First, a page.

Veneer versus Solid Wood: Quality Insights for Discerning Buyers

The Beauty and Durability of Real Wood Veneer:

At House of Cascadia, we're passionate about showcasing the enduring craftsmanship and design flexibility that real wood veneer brings to vintage Mid-Century Modern furniture. There's a prevailing misconception in North America, that equates veneer with inferior quality when compared to solid wood. The continued existence of vintage Mid-Century Modern furniture from the 1950s, 60s, and 70s stands as proof of the lasting strength and longevity of wood veneer furniture. Veneer is not just a layer; it's an artful application of real wood, often walnut, teak or rosewood, over a substrate. When you explore our collection, know that our commitment to transparency means we will explicitly highlight when a piece deviates from the standard use of veneer.

How common is the use of Veneer?

Veneer is not just common; it's essentially the standard in furniture manufacturing, particularly in Mid-Century Modern designs. Most MCM furniture features walnut, teak or rosewood veneer placed over a substrate, highlighting its pervasive presence and acceptance in the industry. Iconic pieces, notably those crafted with Danish teak, underscore the lasting beauty and quality associated with veneer surfaces.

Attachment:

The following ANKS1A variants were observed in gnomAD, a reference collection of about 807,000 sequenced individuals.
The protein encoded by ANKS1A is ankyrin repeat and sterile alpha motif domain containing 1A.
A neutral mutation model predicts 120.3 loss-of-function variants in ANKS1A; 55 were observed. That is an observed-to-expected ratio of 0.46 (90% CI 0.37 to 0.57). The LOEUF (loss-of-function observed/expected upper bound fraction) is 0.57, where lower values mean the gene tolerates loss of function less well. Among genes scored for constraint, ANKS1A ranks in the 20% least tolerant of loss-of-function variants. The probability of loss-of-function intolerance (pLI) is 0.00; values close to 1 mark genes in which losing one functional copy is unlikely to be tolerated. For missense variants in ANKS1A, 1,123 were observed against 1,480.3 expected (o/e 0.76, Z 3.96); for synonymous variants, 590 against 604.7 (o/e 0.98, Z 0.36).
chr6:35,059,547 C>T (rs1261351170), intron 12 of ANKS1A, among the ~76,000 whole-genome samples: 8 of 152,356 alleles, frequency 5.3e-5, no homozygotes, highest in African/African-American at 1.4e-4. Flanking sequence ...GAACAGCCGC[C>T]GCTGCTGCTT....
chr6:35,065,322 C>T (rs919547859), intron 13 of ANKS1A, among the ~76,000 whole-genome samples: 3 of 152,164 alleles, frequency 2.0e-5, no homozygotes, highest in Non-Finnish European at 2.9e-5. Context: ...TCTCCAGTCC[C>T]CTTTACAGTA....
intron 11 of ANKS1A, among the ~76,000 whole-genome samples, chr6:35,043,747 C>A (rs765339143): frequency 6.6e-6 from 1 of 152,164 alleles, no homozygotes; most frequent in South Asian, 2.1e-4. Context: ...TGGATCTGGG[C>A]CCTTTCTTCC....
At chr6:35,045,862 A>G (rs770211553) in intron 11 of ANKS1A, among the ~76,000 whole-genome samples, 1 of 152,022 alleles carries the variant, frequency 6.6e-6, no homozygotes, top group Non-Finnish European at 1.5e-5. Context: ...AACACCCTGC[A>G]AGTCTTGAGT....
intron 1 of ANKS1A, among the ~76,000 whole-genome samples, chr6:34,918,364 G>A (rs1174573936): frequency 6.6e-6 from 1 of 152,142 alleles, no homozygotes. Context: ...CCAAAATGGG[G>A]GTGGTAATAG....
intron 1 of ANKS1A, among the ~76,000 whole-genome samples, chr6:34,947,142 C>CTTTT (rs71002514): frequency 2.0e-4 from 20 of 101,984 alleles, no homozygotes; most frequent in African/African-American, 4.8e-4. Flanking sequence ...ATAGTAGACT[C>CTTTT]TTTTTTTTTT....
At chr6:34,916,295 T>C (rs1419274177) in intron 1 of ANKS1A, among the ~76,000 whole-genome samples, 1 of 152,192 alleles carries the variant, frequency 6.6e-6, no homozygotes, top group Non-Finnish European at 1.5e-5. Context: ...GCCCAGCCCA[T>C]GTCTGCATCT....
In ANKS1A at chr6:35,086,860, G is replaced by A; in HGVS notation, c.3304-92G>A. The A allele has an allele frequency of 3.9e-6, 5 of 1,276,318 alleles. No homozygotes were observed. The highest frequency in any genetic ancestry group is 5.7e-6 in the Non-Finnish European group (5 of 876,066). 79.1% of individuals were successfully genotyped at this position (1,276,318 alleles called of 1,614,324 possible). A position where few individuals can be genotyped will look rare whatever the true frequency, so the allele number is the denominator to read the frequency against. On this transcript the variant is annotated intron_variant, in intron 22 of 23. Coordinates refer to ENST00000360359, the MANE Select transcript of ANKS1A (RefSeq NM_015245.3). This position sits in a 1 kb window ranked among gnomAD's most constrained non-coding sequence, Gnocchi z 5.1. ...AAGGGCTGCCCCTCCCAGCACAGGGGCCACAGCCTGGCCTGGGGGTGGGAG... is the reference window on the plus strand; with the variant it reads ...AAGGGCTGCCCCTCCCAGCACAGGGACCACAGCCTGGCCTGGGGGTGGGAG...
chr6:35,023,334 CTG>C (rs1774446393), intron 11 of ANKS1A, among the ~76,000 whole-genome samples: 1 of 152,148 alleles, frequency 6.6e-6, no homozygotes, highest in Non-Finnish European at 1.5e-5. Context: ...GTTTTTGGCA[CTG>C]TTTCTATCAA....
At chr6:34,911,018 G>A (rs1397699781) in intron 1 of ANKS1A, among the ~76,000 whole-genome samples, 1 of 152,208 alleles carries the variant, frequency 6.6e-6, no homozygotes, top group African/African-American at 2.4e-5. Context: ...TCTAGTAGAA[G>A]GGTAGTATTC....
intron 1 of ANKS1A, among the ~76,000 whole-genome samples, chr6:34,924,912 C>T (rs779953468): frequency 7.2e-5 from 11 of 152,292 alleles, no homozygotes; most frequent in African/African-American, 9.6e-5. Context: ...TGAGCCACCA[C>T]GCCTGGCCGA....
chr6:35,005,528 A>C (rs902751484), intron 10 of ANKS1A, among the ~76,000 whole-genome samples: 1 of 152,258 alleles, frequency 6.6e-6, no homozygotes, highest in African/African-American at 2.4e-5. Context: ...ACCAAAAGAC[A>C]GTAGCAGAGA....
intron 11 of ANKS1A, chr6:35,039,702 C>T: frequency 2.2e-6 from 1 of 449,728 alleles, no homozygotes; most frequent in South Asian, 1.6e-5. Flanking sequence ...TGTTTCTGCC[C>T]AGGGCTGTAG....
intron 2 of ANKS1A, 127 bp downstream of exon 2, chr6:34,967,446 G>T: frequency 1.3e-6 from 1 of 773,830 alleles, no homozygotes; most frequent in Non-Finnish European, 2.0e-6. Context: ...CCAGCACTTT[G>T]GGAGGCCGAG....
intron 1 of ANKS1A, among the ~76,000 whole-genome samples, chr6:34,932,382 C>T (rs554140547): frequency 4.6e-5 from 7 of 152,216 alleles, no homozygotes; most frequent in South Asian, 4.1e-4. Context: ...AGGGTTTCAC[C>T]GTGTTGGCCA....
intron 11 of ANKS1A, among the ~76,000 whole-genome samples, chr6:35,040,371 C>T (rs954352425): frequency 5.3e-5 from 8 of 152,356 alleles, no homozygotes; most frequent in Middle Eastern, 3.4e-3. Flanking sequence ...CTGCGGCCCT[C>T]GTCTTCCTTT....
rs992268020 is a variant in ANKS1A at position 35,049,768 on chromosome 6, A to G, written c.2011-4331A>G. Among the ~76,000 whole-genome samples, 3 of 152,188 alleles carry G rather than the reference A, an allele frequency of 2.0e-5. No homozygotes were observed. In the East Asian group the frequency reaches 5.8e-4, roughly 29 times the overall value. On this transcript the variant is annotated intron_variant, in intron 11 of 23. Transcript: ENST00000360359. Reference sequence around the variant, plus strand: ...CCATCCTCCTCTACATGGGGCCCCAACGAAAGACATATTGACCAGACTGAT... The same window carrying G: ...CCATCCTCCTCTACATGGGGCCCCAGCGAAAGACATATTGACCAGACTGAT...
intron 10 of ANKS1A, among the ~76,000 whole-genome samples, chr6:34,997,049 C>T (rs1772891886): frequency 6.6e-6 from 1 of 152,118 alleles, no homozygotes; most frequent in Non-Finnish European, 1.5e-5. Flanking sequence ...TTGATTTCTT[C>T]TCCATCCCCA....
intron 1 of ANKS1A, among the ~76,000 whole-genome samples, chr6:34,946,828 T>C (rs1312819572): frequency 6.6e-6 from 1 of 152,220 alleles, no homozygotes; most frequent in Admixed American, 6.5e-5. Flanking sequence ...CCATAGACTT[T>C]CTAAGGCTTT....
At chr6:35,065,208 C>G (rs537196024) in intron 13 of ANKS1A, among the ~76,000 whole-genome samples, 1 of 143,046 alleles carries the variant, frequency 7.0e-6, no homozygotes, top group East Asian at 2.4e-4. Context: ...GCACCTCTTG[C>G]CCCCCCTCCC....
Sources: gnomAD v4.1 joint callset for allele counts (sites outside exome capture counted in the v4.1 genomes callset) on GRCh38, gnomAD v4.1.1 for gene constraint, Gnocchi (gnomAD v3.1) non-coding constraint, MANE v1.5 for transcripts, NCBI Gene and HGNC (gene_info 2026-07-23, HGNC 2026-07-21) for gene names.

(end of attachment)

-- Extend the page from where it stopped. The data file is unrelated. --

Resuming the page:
Why isn't solid wood furniture as popular as veneer furniture construction?
Solid wood furniture, while having rustic charm, comes with its drawbacks. It is susceptible to surrounding conditions, making it prone to small cracks and warping in certain circumstances. Changes in temperature, humidity, and exposure to strong sunlight can contribute to these issues. These imperfections are a natural and uncontrollable characteristic of solid wood. Veneered construction, on the other hand, keeps pieces sturdy and square, ensuring longevity and resilience.